For my RPi4B, I am using the *rpi-4-ext4-sysupgrade.img.gz which does not modify my data partition which is after the boot and root partitions on the uSD card. I am interested in having the same setup on my x86/64 box except that has a SSD not uSD.
Is there a x86 image that will behave like this? I imaged the device the openwrt-x86-64-generic-ext4-combined-efi.img.gz image, but according to gdisk, I have no free sectors available to create the large data partition.
EDIT: so I ran fdisk and created a new partition new partition. It seems to remain after I reflashed openwrt-x86-64-generic-ext4-combined-efi.img.gz... is what I am doing safe and sane? As I build a new image, will the data on my /dev/sda3 be safe or will it eventually get overwritten by the image flash?
# fdisk -l /dev/sda
Disk /dev/sda: 238.47 GiB, 256060514304 bytes, 500118192 sectors
Disk model: FPT310M4SSD256G
Units: sectors of 1 * 512 = 512 bytes
Sector size (logical/physical): 512 bytes / 512 bytes
I/O size (minimum/optimal): 512 bytes / 512 bytes
Disklabel type: gpt
Disk identifier: 15B308CE-4936-BD9D-31B4-60558C932A00
Device Start End Sectors Size Type
/dev/sda1 512 66047 65536 32M Linux filesystem
/dev/sda2 66048 1114623 1048576 512M Linux filesystem
/dev/sda3 1116160 500117503 499001344 237.9G Linux filesystem
/dev/sda128 34 511 478 239K BIOS boot
Partition table entries are not in disk order.
Yes. It's one reason why devices with low storage and RAM (e.g. 4/32, 8/64) are no longer supported. The product has grown in capability and size, so occasionally the filesystem size increases to accomodate it.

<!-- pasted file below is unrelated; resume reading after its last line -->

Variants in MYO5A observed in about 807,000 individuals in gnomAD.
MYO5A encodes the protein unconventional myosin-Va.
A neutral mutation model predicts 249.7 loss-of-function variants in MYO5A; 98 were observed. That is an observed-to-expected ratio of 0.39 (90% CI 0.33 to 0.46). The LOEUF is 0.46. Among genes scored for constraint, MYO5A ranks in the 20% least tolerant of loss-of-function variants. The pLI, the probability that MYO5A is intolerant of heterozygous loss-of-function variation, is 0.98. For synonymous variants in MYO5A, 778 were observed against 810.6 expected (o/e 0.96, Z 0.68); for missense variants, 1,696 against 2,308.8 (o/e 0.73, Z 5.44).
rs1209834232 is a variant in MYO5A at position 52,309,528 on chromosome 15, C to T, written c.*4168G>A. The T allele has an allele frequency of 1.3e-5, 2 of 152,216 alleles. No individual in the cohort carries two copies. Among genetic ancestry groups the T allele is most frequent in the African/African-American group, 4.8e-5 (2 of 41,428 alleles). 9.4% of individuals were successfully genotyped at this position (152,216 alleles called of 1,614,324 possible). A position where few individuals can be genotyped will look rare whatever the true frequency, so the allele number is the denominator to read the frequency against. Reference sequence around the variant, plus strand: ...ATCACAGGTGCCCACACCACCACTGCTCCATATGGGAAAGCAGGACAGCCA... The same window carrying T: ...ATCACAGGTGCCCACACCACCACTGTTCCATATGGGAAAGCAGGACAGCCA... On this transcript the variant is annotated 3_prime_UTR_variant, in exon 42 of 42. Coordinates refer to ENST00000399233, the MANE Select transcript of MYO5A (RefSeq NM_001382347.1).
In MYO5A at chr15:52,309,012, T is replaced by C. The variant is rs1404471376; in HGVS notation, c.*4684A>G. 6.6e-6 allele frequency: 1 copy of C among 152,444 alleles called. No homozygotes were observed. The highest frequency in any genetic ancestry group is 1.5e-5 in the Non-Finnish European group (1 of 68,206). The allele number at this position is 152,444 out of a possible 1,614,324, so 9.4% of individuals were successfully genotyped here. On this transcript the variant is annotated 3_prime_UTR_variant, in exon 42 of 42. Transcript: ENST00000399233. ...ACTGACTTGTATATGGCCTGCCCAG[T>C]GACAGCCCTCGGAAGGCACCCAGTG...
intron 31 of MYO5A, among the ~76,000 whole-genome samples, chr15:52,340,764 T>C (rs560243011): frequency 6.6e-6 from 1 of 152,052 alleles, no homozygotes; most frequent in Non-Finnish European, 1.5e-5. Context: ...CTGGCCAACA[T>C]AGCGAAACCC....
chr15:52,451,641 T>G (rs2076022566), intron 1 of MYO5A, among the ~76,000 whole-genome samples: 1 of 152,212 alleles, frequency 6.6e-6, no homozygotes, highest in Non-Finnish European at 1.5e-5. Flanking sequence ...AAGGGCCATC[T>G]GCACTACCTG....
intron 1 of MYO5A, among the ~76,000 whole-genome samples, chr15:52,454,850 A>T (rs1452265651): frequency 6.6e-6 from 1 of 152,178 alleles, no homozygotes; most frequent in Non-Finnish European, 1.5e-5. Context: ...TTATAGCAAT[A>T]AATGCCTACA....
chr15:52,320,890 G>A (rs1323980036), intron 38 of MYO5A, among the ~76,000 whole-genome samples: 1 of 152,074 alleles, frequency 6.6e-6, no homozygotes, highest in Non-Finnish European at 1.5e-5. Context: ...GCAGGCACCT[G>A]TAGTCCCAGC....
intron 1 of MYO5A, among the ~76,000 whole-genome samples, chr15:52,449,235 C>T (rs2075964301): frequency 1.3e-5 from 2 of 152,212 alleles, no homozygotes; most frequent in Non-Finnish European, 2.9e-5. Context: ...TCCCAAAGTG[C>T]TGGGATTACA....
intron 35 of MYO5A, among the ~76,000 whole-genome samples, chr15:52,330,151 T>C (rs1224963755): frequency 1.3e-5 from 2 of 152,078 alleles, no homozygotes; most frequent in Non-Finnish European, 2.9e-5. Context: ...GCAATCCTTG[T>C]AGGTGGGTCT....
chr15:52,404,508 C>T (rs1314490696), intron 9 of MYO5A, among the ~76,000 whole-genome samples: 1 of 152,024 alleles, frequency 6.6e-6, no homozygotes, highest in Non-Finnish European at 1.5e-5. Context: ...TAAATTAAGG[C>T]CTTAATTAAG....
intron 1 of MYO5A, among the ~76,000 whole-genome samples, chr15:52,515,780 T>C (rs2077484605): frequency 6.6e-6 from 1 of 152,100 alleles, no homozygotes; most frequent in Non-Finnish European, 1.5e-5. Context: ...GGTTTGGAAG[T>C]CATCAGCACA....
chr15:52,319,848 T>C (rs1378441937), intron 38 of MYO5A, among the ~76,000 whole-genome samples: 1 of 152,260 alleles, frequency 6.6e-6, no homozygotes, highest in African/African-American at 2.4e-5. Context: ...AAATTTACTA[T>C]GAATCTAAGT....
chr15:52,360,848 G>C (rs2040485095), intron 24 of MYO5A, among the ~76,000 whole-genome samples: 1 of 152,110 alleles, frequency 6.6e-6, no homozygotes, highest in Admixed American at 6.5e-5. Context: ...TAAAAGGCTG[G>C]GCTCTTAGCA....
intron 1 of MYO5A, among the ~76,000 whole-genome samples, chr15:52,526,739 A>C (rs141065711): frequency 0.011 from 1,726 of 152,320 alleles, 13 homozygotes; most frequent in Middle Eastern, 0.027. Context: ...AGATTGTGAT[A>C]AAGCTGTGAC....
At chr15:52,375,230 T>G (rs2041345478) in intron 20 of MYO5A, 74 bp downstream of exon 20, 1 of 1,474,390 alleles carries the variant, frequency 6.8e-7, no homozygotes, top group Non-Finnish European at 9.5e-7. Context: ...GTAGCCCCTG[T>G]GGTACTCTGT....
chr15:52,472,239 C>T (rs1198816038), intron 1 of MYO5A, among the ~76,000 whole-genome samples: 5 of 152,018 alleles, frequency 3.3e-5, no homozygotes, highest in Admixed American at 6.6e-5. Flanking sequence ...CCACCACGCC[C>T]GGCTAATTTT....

there is no better method ...
owrt default x86 image size is ~100MB root + 16MB boot, sysupgrade or dd'ing combined-efi.img will overwrite the partition table ... so you can do the followings:
you create your own image to have a usable root (> 100MB), let's say 512M
install your image as should
leave a gap at least your image size (512MB) and create your own partition
this likely will give you some safety if ever default image will expanded (which is unlikely to take the leap from 100MB to 1000MB, but just in case).
repeat steps 1-2 for new image releases, and remount your own partition/fs.
for better system upgrade you may utilize your gap as second root, with minimal changes you can selectively boot into root1 or root2. and then system upgrade can be reduced to dd rootfs.img + kernel copy instead of overwriting the parition table.
why would reoder? this is totally ok
if you wonder why there is sda128 that's totally ok, that's the first ( ! ) physical partition to store BIOS boot code which is called partition 128. sda1 is boot, sda2 is root, sda3 is your own, sdaX is your own etc. that's the normal order.